Aptera Motors debuted with a splash more than two years ago, unveiling its three-wheeled, wide set electric cars to much media fanfare.
Since then, the Vista company continued to court press, but struggled to keep up with self-imposed deadlines for newer models, and found fundraising difficult. When a journalist friend of Aptera's Chief Executive Officer Paul Wilbur advised, "Shut up until you have the hardware to back it up," Wilbur took his advice.
Standing in a McClellan-Palomar Airport hangar designed to resemble a nightclub, Aptera unveiled its latest model, the Aptera 2E, to a crowd of journalists and sponsors.
"We've kind of been a little quiet the last few months," Wilbur said. "We made a strategic decision to kind of lower our whole company awareness for a little while, until we achieved two things.
"Number one, we had to plan a solvent solution for funding the company," he continued. "And two, we didn't want to do any talking to you until we had a fully integrated vehicle to show you."
The new Aptera 2E still has a space-aged design, with a white fiberglass body, hood and windshield that look more like a small plane than a car, and tapered trunk section. The front has two wide-set wheels reminiscent of a Formula 1 race car; the back balances on one wheel. The "gull-wing" doors open upward, like some of the most expensive Italian sports cars.
What differentiates the 2E is a more spacious cabin, especially the trunk, which can hold two sets of golf clubs and several suitcases at once. The doors have roll-down windows, and other hardware and software amenities have been improved. The car still only seats two.
In a private interview, Wilbur said that as capital markets and funds dried up with the ailing economy, Aptera had trouble staying afloat. The company had to lay off a significant percentage of its work force. But, he said Aptera was careful not to lose any of its engineering staff, which is why they were able to keep working on a new model. Now that the company has found more funding and rolled out the new model, Wilbur said they've managed to hire some people back.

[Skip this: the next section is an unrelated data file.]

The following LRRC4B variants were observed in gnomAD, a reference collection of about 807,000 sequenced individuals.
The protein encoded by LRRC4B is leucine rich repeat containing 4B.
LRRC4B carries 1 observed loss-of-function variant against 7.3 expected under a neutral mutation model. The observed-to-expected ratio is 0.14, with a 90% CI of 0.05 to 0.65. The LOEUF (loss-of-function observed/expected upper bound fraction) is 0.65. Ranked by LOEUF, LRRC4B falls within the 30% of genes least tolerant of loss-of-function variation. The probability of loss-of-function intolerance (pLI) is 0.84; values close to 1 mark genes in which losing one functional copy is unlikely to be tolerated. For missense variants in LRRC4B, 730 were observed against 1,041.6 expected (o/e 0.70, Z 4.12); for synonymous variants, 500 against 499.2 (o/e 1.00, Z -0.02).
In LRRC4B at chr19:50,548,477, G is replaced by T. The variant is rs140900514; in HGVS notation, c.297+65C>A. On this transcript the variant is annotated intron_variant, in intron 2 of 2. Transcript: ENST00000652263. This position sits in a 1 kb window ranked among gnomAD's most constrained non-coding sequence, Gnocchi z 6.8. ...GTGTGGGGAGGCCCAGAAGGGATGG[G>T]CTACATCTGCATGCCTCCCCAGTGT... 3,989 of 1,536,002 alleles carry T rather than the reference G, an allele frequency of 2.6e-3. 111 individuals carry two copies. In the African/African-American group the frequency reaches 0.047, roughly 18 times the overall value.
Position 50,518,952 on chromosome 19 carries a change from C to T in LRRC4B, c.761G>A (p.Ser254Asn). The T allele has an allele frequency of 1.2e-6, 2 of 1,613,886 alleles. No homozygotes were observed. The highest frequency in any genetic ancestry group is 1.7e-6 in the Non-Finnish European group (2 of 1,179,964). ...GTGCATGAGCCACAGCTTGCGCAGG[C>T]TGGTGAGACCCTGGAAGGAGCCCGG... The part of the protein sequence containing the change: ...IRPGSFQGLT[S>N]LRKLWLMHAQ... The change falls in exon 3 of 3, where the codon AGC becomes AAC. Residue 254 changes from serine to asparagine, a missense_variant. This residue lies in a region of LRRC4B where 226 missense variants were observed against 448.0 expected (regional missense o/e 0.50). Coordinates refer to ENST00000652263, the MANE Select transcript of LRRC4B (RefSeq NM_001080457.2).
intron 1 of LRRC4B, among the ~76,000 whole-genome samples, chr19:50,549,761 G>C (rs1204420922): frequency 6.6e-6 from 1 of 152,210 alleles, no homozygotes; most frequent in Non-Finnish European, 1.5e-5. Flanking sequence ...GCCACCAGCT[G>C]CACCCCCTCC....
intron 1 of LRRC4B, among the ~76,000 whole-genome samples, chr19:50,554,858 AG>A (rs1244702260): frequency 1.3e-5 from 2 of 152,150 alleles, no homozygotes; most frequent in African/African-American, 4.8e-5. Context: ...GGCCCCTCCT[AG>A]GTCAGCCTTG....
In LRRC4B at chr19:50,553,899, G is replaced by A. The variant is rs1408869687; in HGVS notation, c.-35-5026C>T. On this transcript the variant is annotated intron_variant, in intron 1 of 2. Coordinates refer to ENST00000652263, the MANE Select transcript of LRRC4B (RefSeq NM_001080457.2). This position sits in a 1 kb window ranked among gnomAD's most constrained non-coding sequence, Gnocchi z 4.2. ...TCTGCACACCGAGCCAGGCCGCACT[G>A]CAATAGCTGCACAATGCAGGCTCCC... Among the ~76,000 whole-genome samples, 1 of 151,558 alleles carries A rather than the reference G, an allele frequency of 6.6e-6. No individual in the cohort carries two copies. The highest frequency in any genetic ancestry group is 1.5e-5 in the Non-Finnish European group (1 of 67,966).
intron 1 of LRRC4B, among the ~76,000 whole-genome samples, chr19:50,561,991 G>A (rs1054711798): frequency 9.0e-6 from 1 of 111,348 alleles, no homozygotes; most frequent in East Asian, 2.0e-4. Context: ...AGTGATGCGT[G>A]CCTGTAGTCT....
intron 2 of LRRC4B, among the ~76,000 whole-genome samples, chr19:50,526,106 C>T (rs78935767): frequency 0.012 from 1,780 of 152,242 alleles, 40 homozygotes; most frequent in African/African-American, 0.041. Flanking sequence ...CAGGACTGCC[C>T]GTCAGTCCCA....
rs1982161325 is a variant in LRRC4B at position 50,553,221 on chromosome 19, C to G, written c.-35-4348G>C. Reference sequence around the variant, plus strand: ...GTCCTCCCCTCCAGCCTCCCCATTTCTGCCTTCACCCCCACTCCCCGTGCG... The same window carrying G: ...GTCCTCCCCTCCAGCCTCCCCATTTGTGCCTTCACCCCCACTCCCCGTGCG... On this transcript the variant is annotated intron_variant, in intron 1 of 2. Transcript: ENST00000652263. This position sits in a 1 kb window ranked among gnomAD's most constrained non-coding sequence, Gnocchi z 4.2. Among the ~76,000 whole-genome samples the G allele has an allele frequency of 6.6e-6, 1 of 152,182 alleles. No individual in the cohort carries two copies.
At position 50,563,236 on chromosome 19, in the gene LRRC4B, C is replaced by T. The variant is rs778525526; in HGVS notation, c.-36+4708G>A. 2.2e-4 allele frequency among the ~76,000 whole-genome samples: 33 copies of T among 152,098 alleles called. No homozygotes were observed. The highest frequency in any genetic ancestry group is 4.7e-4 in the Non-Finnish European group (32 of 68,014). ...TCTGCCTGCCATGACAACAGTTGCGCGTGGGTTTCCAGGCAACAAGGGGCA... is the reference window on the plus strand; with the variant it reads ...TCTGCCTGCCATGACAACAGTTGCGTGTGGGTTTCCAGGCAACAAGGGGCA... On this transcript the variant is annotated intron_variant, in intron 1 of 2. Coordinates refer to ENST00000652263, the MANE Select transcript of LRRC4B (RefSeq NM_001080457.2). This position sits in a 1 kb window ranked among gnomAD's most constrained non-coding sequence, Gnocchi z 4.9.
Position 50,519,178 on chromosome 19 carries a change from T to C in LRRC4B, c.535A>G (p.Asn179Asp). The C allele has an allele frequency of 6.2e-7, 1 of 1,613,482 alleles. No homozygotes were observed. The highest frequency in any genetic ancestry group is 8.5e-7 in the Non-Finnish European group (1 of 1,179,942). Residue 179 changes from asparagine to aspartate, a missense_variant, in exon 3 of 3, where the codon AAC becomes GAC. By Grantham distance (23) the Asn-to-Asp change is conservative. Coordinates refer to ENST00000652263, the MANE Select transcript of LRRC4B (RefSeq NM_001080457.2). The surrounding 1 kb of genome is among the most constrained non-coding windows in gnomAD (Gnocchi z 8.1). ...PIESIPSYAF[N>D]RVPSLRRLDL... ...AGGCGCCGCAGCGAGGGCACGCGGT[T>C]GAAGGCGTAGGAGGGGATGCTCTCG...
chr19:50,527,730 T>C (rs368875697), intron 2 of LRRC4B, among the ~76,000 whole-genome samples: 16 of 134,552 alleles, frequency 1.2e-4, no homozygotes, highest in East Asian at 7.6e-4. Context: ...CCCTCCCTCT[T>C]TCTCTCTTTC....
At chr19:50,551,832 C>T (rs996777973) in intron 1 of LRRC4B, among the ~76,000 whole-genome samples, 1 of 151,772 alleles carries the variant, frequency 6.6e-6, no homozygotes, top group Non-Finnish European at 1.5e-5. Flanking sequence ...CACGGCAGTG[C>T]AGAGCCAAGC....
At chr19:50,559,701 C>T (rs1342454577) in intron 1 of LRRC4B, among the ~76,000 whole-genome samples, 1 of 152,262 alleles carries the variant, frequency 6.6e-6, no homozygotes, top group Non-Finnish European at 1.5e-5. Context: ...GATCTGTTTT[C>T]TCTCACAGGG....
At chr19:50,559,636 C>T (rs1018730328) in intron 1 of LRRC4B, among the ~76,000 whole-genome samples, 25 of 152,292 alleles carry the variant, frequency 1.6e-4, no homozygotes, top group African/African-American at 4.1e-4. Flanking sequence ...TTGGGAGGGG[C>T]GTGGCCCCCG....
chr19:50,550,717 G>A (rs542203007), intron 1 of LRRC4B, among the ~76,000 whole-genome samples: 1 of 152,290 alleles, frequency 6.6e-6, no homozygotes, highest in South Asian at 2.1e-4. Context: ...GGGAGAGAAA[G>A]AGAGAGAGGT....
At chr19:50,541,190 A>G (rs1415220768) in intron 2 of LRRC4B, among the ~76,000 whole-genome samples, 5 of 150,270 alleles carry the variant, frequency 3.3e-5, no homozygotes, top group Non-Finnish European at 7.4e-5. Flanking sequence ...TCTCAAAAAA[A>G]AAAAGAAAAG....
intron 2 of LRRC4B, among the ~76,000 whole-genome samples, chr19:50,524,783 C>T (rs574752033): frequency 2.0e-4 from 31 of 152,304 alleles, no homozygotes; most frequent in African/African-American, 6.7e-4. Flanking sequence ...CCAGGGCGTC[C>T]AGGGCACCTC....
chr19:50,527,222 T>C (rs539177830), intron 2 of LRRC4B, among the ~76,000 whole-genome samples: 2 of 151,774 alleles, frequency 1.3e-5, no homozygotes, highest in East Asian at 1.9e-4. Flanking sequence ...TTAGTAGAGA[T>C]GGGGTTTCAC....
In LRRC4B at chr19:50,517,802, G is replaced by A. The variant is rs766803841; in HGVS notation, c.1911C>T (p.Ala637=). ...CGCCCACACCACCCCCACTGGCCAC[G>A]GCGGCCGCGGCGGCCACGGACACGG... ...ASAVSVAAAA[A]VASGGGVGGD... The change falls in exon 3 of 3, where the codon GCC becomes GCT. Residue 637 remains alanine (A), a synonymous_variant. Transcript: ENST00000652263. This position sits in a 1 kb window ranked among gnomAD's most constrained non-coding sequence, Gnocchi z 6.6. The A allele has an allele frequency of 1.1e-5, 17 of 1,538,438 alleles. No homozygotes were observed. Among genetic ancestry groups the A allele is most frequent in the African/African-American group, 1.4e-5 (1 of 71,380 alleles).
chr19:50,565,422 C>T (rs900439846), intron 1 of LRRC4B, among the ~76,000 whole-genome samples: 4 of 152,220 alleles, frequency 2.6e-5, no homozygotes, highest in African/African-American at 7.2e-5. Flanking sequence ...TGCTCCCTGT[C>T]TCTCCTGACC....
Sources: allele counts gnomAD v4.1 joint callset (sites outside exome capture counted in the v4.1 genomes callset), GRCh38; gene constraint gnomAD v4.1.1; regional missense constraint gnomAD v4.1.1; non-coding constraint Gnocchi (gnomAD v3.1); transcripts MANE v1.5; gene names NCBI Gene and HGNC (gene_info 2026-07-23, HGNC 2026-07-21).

Wilbur said the company persevered because its people believe in what they're doing.
"Most of my automotive career was in ... Detroit, (and) I've never seen a vehicle like this," he said. "I think a lot of people feel that they want to be a part of an opportunity to change the world. That doesn't happen very often."
For funding, Aptera has formed strategic partnerships, which are helping to improve the design, battery and other features. The company has applied for some government grants, including a $184 million loan, which Aptera is still waiting to hear about.
Aptera is also entering the 2E in the Progressive Insurance Automotive X Prize, a contest being held in Michigan later this month to find an energy efficient passenger vehicle that can be mass produced and affordable.
Wilbur said that even if Aptera doesn't win, he's grateful for the X Prize contest because it could give some validation to these energy-efficient cars, and provide a third-party testament to their potential.
"I don't ever want to be lumped in with the likes of car companies like Yugos and Bricklins and DeLoreans," he said. "We take this business very, very seriously."
Video: The Aptera 2E
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